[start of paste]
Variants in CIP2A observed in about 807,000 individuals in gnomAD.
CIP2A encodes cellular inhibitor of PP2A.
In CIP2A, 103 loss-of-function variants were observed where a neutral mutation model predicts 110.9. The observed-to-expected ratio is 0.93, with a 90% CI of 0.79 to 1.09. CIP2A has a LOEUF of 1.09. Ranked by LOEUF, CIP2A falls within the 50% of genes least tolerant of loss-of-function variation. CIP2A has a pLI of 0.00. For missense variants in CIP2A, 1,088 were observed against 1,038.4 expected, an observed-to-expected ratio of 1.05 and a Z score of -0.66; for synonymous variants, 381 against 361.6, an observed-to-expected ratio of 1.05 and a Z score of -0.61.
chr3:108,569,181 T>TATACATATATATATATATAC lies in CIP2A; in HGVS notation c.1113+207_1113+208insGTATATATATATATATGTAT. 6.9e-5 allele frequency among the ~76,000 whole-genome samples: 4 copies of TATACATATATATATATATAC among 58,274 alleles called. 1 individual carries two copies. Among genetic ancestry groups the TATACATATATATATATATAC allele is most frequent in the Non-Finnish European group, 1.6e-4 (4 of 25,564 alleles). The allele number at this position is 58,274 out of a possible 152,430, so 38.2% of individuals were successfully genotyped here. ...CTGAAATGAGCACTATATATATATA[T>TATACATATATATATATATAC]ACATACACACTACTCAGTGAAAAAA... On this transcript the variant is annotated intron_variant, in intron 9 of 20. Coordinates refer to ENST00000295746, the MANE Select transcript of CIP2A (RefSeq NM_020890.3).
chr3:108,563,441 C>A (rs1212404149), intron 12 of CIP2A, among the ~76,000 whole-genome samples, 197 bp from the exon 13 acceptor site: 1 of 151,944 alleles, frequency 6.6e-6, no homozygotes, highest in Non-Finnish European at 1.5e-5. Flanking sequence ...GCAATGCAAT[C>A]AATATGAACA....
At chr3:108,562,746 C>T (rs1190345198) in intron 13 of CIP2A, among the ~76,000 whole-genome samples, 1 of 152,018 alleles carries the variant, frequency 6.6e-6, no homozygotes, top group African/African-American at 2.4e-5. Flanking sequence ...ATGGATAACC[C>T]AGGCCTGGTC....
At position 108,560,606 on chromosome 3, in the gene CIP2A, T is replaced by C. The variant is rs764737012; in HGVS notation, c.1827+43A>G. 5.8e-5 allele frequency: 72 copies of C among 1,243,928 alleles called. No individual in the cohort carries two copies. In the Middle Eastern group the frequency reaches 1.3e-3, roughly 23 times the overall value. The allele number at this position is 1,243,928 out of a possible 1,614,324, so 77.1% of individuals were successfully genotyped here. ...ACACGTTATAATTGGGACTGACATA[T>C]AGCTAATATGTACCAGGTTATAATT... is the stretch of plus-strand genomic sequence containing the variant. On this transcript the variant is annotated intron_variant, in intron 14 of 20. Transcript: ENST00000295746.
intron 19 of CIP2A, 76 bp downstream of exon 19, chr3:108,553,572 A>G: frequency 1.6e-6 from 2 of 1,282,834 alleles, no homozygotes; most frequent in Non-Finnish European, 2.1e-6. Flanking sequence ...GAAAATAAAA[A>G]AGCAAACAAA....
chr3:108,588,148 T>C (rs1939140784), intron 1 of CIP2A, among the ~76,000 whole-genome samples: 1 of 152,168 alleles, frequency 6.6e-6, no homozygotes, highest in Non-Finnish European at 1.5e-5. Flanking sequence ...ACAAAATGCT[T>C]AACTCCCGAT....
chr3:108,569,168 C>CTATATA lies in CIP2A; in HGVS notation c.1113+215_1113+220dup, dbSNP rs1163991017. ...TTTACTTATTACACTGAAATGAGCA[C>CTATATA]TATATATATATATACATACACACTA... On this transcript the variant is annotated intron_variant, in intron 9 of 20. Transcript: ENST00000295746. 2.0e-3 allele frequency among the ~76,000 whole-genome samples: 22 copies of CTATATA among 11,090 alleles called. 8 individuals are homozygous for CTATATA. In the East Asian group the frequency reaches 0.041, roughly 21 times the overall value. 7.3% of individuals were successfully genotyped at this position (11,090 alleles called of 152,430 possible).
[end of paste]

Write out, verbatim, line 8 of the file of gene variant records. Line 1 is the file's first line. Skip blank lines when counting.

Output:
intron 19 of CIP2A, 76 bp downstream of exon 19, chr3:108,553,572 A>G: frequency 1.6e-6 from 2 of 1,282,834 alleles, no homozygotes; most frequent in Non-Finnish European, 2.1e-6. Flanking sequence ...GAAAATAAAA[A>G]AGCAAACAAA....